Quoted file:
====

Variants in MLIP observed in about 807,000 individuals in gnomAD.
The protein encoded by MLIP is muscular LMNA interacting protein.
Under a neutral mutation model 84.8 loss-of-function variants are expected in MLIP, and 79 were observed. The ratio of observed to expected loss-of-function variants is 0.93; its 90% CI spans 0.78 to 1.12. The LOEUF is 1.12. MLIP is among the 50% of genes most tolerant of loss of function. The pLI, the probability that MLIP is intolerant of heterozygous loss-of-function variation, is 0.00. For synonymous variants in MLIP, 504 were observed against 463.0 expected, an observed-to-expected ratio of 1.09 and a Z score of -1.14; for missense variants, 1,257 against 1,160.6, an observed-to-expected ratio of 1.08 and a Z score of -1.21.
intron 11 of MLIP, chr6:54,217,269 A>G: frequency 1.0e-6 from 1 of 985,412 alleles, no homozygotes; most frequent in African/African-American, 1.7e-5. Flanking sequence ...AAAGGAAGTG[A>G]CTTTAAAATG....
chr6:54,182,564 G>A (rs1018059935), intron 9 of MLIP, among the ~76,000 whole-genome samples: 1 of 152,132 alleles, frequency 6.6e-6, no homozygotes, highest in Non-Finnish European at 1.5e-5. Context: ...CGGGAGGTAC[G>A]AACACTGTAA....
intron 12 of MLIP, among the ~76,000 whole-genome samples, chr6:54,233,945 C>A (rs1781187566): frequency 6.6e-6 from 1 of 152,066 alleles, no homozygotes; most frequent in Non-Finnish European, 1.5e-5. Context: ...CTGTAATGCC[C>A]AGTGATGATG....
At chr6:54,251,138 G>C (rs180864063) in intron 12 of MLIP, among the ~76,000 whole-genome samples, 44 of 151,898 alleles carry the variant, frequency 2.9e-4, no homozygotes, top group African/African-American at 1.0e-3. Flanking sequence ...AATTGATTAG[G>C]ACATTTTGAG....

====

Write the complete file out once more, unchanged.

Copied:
Variants in MLIP observed in about 807,000 individuals in gnomAD.
The protein encoded by MLIP is muscular LMNA interacting protein.
Under a neutral mutation model 84.8 loss-of-function variants are expected in MLIP, and 79 were observed. The ratio of observed to expected loss-of-function variants is 0.93; its 90% CI spans 0.78 to 1.12. The LOEUF is 1.12. MLIP is among the 50% of genes most tolerant of loss of function. The pLI, the probability that MLIP is intolerant of heterozygous loss-of-function variation, is 0.00. For synonymous variants in MLIP, 504 were observed against 463.0 expected, an observed-to-expected ratio of 1.09 and a Z score of -1.14; for missense variants, 1,257 against 1,160.6, an observed-to-expected ratio of 1.08 and a Z score of -1.21.
intron 11 of MLIP, chr6:54,217,269 A>G: frequency 1.0e-6 from 1 of 985,412 alleles, no homozygotes; most frequent in African/African-American, 1.7e-5. Flanking sequence ...AAAGGAAGTG[A>G]CTTTAAAATG....
chr6:54,182,564 G>A (rs1018059935), intron 9 of MLIP, among the ~76,000 whole-genome samples: 1 of 152,132 alleles, frequency 6.6e-6, no homozygotes, highest in Non-Finnish European at 1.5e-5. Context: ...CGGGAGGTAC[G>A]AACACTGTAA....
intron 12 of MLIP, among the ~76,000 whole-genome samples, chr6:54,233,945 C>A (rs1781187566): frequency 6.6e-6 from 1 of 152,066 alleles, no homozygotes; most frequent in Non-Finnish European, 1.5e-5. Context: ...CTGTAATGCC[C>A]AGTGATGATG....
At chr6:54,251,138 G>C (rs180864063) in intron 12 of MLIP, among the ~76,000 whole-genome samples, 44 of 151,898 alleles carry the variant, frequency 2.9e-4, no homozygotes, top group African/African-American at 1.0e-3. Flanking sequence ...AATTGATTAG[G>C]ACATTTTGAG....